The Malahide Castle grounds are covered by an extensive public park and variety of walking trails as well. A short walk from Malahide Castle and Gardens is the village of Malahide which has a variety of shops, restaurants, cafes, and pubs. From the village, you can take a walk along the Marina and out to Malahide Beach.
How to Get to Malahide from Dublin: Malahide is readily accessible from Dublin by DART. A return trip from Dublin Pearse Station is €6.25 and with a leap card it’s €4.92. Dublin Buses 32, 42 from Dublin go to Malahide as well.
A tour of Malahide Castle and Gardens is €12.50 for adults. Tickets must be bought at the Visitor Centre. During high season (summer and weekends), it is advisable to book a tour of the Castle in advance. Make sure to use your admission ticket from the Castle to visit the gardens behind the Castle and the botanical gardens (with peacocks) behind the Visitor Centre.
From Malahide Castle and Garden Visitor Centre, it’s about a 10-minute walk to the central area of Malahide Village.
Malahide Day Trip from Dublin: Get Your Guide offers a highly rated half-day trip from Dubin to the North Coast and Malahide Castle, which also includes a stop at Howth fishing village. Rated 4.4/5 based on 32 reviews.
6. Swords, Donabate, and Portrane Beach
Swords is a small city north of Dublin that isn’t on most traveller’s radars, which is a shame. The city has a beautiful main street area with lots of restaurants, pubs and cafes. There is also Swords Castle, which is a small, but free, castle to visit. I’ve been to Swords Castle several times, and I’m often the only person there.
A few kilometres away in the town of Donabate is the Newbridge House and Farm. This Georgian House was built in 1747 for Charles Cobbe the Archbishop of Dublin. Tours are available of Newbridge House and the farm, which houses a variety of farm animals including pigs, Kerry cows, Connemara ponies, red deer, and more. Newbridge has 370 acres of park and woodlands.
A short bus ride away is Portrane Beach, which offers views of Lambay Island, Malahide, and Howth. You’ll also be able to see a monument to RMS Tayleur, a Victorian White Star Liner ship that sank off the coast of Portrane in 1854.
How to Get to Swords from Dublin: Dublin Bus Routes 41C and 43 go to Swords Castle from Dublin. A cash ticket on Dublin Bus to Swords is €3.30 (exact fare only) one-way, or €2.60/one-way with a Leap Card. Admission to Swords Castle is free. It is open daily from 10 am to 5 pm, with gates closing for entry at 4:30 pm.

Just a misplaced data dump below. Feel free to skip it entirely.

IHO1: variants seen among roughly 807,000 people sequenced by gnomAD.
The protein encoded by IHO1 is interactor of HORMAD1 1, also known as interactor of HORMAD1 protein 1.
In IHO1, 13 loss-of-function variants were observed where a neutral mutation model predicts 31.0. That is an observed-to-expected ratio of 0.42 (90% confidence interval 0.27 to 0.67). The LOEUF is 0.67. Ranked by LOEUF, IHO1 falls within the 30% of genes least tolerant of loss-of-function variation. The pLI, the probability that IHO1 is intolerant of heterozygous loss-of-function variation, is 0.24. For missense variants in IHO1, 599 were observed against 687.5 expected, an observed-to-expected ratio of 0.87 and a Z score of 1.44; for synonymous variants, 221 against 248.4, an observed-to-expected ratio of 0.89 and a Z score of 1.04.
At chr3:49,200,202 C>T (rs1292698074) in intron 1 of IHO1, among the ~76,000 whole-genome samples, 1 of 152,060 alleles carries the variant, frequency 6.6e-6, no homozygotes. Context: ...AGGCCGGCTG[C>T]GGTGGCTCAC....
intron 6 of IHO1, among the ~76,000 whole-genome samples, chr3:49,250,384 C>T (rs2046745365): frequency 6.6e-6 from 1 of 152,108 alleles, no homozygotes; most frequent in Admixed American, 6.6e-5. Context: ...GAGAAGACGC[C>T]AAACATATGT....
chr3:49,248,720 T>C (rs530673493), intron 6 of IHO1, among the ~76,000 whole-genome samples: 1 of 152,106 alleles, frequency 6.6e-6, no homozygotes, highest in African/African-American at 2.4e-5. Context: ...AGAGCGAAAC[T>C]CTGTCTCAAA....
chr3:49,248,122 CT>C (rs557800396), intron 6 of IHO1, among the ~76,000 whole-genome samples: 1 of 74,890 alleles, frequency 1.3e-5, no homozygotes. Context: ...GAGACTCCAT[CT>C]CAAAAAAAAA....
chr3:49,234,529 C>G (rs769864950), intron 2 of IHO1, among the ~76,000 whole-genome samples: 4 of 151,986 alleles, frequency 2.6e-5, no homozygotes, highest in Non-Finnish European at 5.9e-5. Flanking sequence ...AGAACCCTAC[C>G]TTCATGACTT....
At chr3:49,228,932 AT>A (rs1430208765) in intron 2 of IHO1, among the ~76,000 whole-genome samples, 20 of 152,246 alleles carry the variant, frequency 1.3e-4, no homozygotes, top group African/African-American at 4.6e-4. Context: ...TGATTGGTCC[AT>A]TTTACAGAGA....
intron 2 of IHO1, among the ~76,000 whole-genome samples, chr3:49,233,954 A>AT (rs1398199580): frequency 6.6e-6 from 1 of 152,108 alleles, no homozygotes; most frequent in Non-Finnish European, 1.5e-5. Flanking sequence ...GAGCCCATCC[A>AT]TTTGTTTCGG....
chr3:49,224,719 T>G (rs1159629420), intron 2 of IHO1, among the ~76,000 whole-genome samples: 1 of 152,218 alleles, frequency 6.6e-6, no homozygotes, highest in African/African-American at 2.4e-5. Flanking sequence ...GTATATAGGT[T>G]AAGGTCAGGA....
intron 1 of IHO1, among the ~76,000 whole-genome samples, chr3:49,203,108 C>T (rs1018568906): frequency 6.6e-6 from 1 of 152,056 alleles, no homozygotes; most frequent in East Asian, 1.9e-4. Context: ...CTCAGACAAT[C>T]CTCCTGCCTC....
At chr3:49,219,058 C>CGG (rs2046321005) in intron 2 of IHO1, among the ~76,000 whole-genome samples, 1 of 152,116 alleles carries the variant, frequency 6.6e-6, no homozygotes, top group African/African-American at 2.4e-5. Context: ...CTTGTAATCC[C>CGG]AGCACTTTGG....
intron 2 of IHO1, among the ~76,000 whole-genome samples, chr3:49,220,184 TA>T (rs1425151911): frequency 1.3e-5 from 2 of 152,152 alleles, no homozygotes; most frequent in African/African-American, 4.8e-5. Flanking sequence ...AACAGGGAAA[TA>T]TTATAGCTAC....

From Swords Castle (Stop 3712) you can take Dublin Bus 33B toward Donabate and get off at Newbridge House (Stop 3719). Price is €2.70 for a one-way cash fare or €2.05 for a one-way fare on a Leap Card. A ticket to Newbridge House and Farm is €10.
If you don’t want to walk 45 minutes from Newbridge Estate through Donabate and to Portrane Beach, you can get back on the Dublin Bus 33b (to Donabate) and pay another €2.70 for a one-way cash fare or €2.05 for a one-way fare on a Leap Card to get to Portrane Beach.
7. Drogheda and Brú na Bóinne World Heritage Site
Drogheda (pronounced like draw-heh-da) is a small city north of Dublin. About a 15-minute walk from the Drogheda Rail Station you’ll get to the centre of Drogheda with a variety of restaurants, pubs, cafes, and shops. Here you’ll find sites like the Highlanes Gallery that contains art from a variety of Irish artists, and Saint Laurence’s Gate, which dates back to the 13th Century.
About 9km west of Drogheda is the historical Brú na Bóinne (pronounced like Brew Na Boyn-yay) World Heritage Site. Brú na Bóinne is where you’ll find the ancient passage tombs of Newgrange and Knowth. These date back 5200 years making them older than the Egyptian Pyramids. They contain some of the largest examples of megalithic art in western Europe. Tickets for these sites include an informative tour as well as access to a museum at the Visitor Centre.
How to Visit Drogheda from Dublin: If relying on public transit, the best option is to take Irish Rail commuter train from Connolly Station to Drogheda. It is €11.79 for a one-way ticket. Leap Cards are not valid for this trip. Bus Éireann 163 goes from Drogheda Bus Station to the Visitor Centre, leaving twice a day (at either 11:15 am or 2:45 pm).